After an eight-year hiatus, Nebraska native Charles Hood debuts his second feature Night Owls in SXSW’s Narrative Spotlight section. He tells Tiffany Pritchard about his return to action.

Centring on a one-night stand that takes a turn for the unexpected, the comedy drama stars The Mindy Project’s Adam Pally and up-and-coming Rosa Salazar of Insurgent and Maze Runner: The Scorch Trials fame. Notable cameos also include Parenthood’s Peter Krause and Arrested Development’s Tony Hale. 

The writer-director opens up about the ins and outs of independent film-making. Preferred Content co-represents the world with Haven, the LA-based production management company that represents the director and produced and financed the film.

How would you compare Night Owls to your first film Freezer Burn?
I suppose you could say they are both comedy dramas, but this film is more of what I would consider my first film. It’s hard to believe I made Freezer Burn with just $40,000. It was something I felt I had to do immediately after graduating from University Of Southern California’s [USC] film school. Looking back I would have waited. It was one of those productions where actors were also boom operators, where producers were also assistant directors and where there were never more than three people behind the camera. I don’t wish it upon anyone, but it was a fantastic learning experience.

Why did it take eight years to make your second feature?
It’s hard to believe it’s taken that long. Myself and my writing and producing partner Seth Goldsmith [with whom Hood attended USC] shopped around several different scripts to Hollywood execs – known to some as the water bottle tour – but nobody seemed to like them. I kept looking at all these PDFs of unproduced scripts on my desktop, and it was incredibly frustrating. So Seth and I decided to do it on our own. 

How did you come up with the concept for Night Owls?
There are elements of both Kevin [Pally] and Madeline [Salazar] that Seth and I could relate to. Suicide is a dark subject, but I think everyone has at one point thought about it – I know I certainly have. Uncomfortable one-night stands is another topic I think most people have experienced at one time or another, so that was the initial scenario we wanted to work with. It just happened that it could be shot in one location, which of course helped with our budget.  

Adam Pally and Rosa Salazar had natural chemistry together. How did the casting come together?
I know this sounds funny, but it really was one of those things that magically came to fruition. My agent knew Adam Pally, who was on our wish list for the role of Kevin. She sent him the script, and within days he came on board. He then suggested Rosa [with whom he worked on the film Search Party] and a similar thing happened. It really worked out – I think Adam’s comedic flair brought the best out of Rosa’s more dramatic background.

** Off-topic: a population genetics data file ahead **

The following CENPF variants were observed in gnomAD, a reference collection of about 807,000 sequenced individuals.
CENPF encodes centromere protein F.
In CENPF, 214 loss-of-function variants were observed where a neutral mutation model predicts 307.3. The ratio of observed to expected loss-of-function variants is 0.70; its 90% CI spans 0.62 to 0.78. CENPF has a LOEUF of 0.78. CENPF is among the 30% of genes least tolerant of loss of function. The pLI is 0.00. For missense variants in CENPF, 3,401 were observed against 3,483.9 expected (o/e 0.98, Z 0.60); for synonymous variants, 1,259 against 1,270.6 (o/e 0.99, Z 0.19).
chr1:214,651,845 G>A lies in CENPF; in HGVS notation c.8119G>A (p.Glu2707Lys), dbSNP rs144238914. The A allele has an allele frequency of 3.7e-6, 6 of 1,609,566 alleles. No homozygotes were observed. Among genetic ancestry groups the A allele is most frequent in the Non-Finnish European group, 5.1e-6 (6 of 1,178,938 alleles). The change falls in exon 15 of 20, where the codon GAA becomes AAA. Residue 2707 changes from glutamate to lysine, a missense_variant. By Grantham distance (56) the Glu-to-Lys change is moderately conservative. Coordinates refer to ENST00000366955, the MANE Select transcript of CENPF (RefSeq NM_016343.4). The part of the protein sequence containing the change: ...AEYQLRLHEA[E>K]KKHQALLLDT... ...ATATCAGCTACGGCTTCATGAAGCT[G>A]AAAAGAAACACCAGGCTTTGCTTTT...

On the supporting side, Peter Krause and Tony Hale were equally as impressive. Were they more challenging to cast?
At the start of production, we had still not cast the roles of Dr Newman [Hale] or Will [Krause]. Miraculously in the first [out of three] weeks, we saw a film poster with Tony Hale and we immediately thought, ‘Perfect!’ One of the film’s financiers, Haven Entertainment made a phone call and he was in. 

Peter Krause was more difficult but that was more because of an error on our part. Rosa knew him from Parenthood and sent him an email. When he didn’t get back, we gave up on the idea and started looking for someone else. She realised she had his wrong email. Once that was sorted, we were pleasantly surprised how enthusiastic he was about the project and subsequently how easy-going he was to work with. 

Because this is a dialogue-driven film, were you able to find time for rehearsals?
Even though this budget was more substantial than Freezer Burn, it was still under $1m, making for a tight three-week schedule that included 12 night shoots. So rehearsals were mainly done during camera and lighting set-ups. And because the schedule was so rigorous, there was no extra fluff. We didn’t veer far from the script; it was more about getting the shot and moving on to the next scene. 

How was the financing set up?
It’s always a struggle. I’ve been lucky to earn money working as a writer-producer in reality television so that, in addition to my wife’s support, allowed me to put forward a portion of the budget up front. Haven Entertainment stepped in and helped secure our final funding. 

Would you say comedy is your forte?
It’s definitely something that comes more naturally to me. Though the scripts that Seth and I shopped around were more mainstream ‘studio’ comedies, and they just didn’t seem to work. Thanks to the years of rejection, I realised that capturing an ‘indie spirit’ with comedy and drama is what I want to do.

Have certain directors influenced your style of film-making?
Certainly. I did a degree in critical studies, and I fell in love with directors like Billy Wilder and Preston Sturges. Have you seen The Miracle Of Morgan’s Creek? I think he’s one of the most accomplished, yet underrated, writers of all time. In more recent years, I have become a Woody Allen film addict, as well as a big fan of Alexander Payne. They wonderfully capture comedy and emotion and have helped define a new genre in film-making.  

What’s next? 
I can’t say too much, but I will say I hope Seth and I, along with the family of [mostly] USC crewmembers we have worked together with since Freezer Burn, will be back in production soon. We have a couple scripts we’re working on that are in the vein of a comedy drama, but with a sci-fi twist.